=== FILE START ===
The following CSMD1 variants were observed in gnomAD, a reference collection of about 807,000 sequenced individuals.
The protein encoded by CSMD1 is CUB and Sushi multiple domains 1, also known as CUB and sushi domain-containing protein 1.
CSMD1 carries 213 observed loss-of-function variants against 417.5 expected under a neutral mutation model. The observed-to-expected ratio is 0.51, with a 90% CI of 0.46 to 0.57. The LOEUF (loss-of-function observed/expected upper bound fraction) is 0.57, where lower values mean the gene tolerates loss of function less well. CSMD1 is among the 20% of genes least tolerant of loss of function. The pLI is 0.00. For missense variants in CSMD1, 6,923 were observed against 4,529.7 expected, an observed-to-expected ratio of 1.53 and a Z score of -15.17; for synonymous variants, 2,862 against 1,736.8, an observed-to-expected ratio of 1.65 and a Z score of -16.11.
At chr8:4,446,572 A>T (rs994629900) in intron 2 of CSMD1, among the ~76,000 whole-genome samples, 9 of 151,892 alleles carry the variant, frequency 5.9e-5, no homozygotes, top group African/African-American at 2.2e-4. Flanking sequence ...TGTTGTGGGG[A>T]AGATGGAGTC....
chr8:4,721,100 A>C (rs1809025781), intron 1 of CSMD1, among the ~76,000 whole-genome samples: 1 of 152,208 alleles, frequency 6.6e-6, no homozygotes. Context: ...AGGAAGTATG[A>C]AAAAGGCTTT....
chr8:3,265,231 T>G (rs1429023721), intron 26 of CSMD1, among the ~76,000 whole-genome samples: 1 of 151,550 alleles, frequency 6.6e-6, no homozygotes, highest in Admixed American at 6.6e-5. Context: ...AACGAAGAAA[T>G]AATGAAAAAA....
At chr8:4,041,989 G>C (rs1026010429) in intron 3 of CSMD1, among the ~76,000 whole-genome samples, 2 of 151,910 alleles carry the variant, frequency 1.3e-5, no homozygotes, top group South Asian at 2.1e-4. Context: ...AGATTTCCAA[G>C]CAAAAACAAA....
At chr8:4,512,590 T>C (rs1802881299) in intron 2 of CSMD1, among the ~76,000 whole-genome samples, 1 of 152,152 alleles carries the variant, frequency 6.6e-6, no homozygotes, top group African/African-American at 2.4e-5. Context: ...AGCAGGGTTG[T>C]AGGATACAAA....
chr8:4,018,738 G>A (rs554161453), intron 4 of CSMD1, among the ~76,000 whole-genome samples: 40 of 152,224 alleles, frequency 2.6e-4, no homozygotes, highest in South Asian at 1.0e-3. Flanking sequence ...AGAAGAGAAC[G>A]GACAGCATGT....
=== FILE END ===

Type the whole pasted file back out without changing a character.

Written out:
The following CSMD1 variants were observed in gnomAD, a reference collection of about 807,000 sequenced individuals.
The protein encoded by CSMD1 is CUB and Sushi multiple domains 1, also known as CUB and sushi domain-containing protein 1.
CSMD1 carries 213 observed loss-of-function variants against 417.5 expected under a neutral mutation model. The observed-to-expected ratio is 0.51, with a 90% CI of 0.46 to 0.57. The LOEUF (loss-of-function observed/expected upper bound fraction) is 0.57, where lower values mean the gene tolerates loss of function less well. CSMD1 is among the 20% of genes least tolerant of loss of function. The pLI is 0.00. For missense variants in CSMD1, 6,923 were observed against 4,529.7 expected, an observed-to-expected ratio of 1.53 and a Z score of -15.17; for synonymous variants, 2,862 against 1,736.8, an observed-to-expected ratio of 1.65 and a Z score of -16.11.
At chr8:4,446,572 A>T (rs994629900) in intron 2 of CSMD1, among the ~76,000 whole-genome samples, 9 of 151,892 alleles carry the variant, frequency 5.9e-5, no homozygotes, top group African/African-American at 2.2e-4. Flanking sequence ...TGTTGTGGGG[A>T]AGATGGAGTC....
chr8:4,721,100 A>C (rs1809025781), intron 1 of CSMD1, among the ~76,000 whole-genome samples: 1 of 152,208 alleles, frequency 6.6e-6, no homozygotes. Context: ...AGGAAGTATG[A>C]AAAAGGCTTT....
chr8:3,265,231 T>G (rs1429023721), intron 26 of CSMD1, among the ~76,000 whole-genome samples: 1 of 151,550 alleles, frequency 6.6e-6, no homozygotes, highest in Admixed American at 6.6e-5. Context: ...AACGAAGAAA[T>G]AATGAAAAAA....
At chr8:4,041,989 G>C (rs1026010429) in intron 3 of CSMD1, among the ~76,000 whole-genome samples, 2 of 151,910 alleles carry the variant, frequency 1.3e-5, no homozygotes, top group South Asian at 2.1e-4. Context: ...AGATTTCCAA[G>C]CAAAAACAAA....
At chr8:4,512,590 T>C (rs1802881299) in intron 2 of CSMD1, among the ~76,000 whole-genome samples, 1 of 152,152 alleles carries the variant, frequency 6.6e-6, no homozygotes, top group African/African-American at 2.4e-5. Context: ...AGCAGGGTTG[T>C]AGGATACAAA....
chr8:4,018,738 G>A (rs554161453), intron 4 of CSMD1, among the ~76,000 whole-genome samples: 40 of 152,224 alleles, frequency 2.6e-4, no homozygotes, highest in South Asian at 1.0e-3. Flanking sequence ...AGAAGAGAAC[G>A]GACAGCATGT....